Ready Player One

I first heard of this book on the “Books on the Nightstand” podcast (an excellent show, by the way). The hosts, both of whom work in the publishing industry, were raving about Ready Player One by Ernest Cline. I knew it was only a matter of time until I got my hands on it.

For some reason, lately I’ve been getting into these dystopian, post-apocalyptic stories. Ready Player One certainly fits into this category. What makes it slightly terrifying is that not only does the story take place in the not too distant future (late 2030’s to early 2040’s), it is a future that is horrifically possible.

Massive worldwide climate change. Almost complete depletion of the world’s energy resources. I think one of the images that will stick in my head for a long time is the main character’s living situation. Wade is an eighteen year old boy who lives in a double wide trailer with his aunt and her boyfriend . . . and twelve other people! And that’s not the worst part. This place is called “the stacks” because, due to the numbers of people flocking to the large cities because they can’t afford to live anywhere else, they have taken to stacking these mobile homes on top of one another, some of them twenty high! The whole thing is held up by scaffolding, but it can collapse at any moment. Every aspect of life is precarious. Frightening.

So here’s the premise: in this dystopian future, there is a virtual reality system called the OASIS. It’s huge. This is more than the Internet, more than any RPG. The OASIS is made up of thousands of worlds. It has become the “place” where children go to school, where people go to church, where there is access to every book, movie, television show and video game ever made. Because the real world is so bleak, most people spend nearly all their time in the OASIS. Once inside, you can create your own reality and become whoever you want to be.

With the way people already do this on the Internet, do you see why I said this future was frighteningly plausible?

The creator of this virtual paradise, James Halliday, has died. He has no heirs, no family. He has left behind a video explaining that he has hidden a secret somewhere in the OASIS, and the person who finds it will inherit his multi-billion dollar fortune and control over the OASIS itself. Enter our main character. Wade stumbles upon the first “key” and, from then on, his life changes forever. With such a valuable prize on the line, you can imagine the intensity involved in not only tracking down more clues, but tracking down the people who were able to piece together parts of the mystery. A large corporation, IOI, is determined to win the contest so that they can gain control of the OASIS and monetize the hell out of it. They are willing to do anything to get their hands on it, from blackmail to murder.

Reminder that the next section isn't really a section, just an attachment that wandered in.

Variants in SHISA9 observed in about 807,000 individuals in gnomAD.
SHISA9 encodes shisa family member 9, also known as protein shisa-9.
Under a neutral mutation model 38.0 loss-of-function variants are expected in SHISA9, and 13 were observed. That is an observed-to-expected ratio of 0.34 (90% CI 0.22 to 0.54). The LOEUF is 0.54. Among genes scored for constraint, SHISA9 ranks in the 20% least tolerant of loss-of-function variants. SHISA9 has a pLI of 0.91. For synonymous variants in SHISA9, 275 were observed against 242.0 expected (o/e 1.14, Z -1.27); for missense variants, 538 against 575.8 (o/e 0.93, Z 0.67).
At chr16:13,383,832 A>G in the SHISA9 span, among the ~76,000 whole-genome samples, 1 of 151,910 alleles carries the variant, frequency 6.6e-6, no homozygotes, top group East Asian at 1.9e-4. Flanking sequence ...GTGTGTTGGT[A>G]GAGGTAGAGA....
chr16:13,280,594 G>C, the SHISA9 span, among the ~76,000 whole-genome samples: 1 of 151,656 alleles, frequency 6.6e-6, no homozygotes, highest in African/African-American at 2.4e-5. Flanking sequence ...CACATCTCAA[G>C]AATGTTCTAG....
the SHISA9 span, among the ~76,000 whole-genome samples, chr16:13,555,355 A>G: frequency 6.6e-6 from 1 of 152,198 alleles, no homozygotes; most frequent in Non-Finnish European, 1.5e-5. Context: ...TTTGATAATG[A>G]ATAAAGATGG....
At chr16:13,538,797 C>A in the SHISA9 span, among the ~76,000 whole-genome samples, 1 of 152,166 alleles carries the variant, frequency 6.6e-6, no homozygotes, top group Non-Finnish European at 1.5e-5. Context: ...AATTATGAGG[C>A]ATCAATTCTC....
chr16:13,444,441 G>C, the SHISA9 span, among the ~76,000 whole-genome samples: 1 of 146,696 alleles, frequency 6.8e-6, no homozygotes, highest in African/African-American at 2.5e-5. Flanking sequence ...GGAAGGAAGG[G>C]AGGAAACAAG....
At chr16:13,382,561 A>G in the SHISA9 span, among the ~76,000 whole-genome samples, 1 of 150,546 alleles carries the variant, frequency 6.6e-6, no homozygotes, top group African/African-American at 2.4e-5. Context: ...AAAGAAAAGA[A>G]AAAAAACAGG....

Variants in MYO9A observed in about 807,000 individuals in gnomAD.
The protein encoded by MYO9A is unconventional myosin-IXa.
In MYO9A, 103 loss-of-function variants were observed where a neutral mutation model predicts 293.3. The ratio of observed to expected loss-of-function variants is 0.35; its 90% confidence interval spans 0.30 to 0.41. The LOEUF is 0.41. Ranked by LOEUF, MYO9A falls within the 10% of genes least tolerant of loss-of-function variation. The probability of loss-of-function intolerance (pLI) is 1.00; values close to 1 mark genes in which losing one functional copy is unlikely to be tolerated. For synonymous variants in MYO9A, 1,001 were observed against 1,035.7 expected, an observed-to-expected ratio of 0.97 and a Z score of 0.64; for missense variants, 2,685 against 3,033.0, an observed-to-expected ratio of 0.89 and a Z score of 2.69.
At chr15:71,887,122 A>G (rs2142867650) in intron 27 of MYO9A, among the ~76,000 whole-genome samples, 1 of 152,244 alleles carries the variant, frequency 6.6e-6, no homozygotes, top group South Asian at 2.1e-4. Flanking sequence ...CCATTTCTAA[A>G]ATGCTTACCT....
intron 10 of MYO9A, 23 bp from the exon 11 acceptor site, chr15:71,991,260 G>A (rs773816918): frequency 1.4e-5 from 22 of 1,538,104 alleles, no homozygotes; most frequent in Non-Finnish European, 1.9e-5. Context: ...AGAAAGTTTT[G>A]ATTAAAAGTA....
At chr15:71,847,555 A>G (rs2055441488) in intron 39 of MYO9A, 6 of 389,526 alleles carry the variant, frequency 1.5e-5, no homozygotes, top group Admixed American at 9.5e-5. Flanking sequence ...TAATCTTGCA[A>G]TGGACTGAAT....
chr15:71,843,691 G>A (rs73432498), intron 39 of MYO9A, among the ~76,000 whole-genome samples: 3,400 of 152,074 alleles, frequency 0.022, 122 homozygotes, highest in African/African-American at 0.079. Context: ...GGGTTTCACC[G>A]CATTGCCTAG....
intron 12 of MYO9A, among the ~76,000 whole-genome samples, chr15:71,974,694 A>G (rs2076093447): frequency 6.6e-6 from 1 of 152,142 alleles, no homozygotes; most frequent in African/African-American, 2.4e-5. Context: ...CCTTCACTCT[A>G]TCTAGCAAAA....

There were so many interesting concepts in this book. The wonders of technology, certainly – using it for good and for evil. The concept of making good friends online, without ever meeting them in person. And then, the 80’s references. Halliday was obsessed with that decade and, as such, all the clues are pieces of 80’s movies, music, and of course, classic video games. It was so much fun to read and think, “Hey! I remember that!”

I really enjoyed this book. From the middle on, it was almost impossible to put down. Go read it! Now!

Categories: Books I've Read

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5 replies

  1. This sounds so so great. It reminds me of The Virtual Life of Fizzy Oceans by David A. Ross, a novel also focusing on climate changes and with people fleeing into the safety of an online world. I thought that novel had some definite flaws but it might be interesting to read the two novels together.

    • I’ve never heard of that book. It sounds interesting as well. Might have to track it down. 🙂

      Thanks for commenting!

      • It’s interesting but there were a lot of things that annoyed me … It’s available as an e-book so it should be easy to track down. I need to get around to writing a review of it one of these days ….


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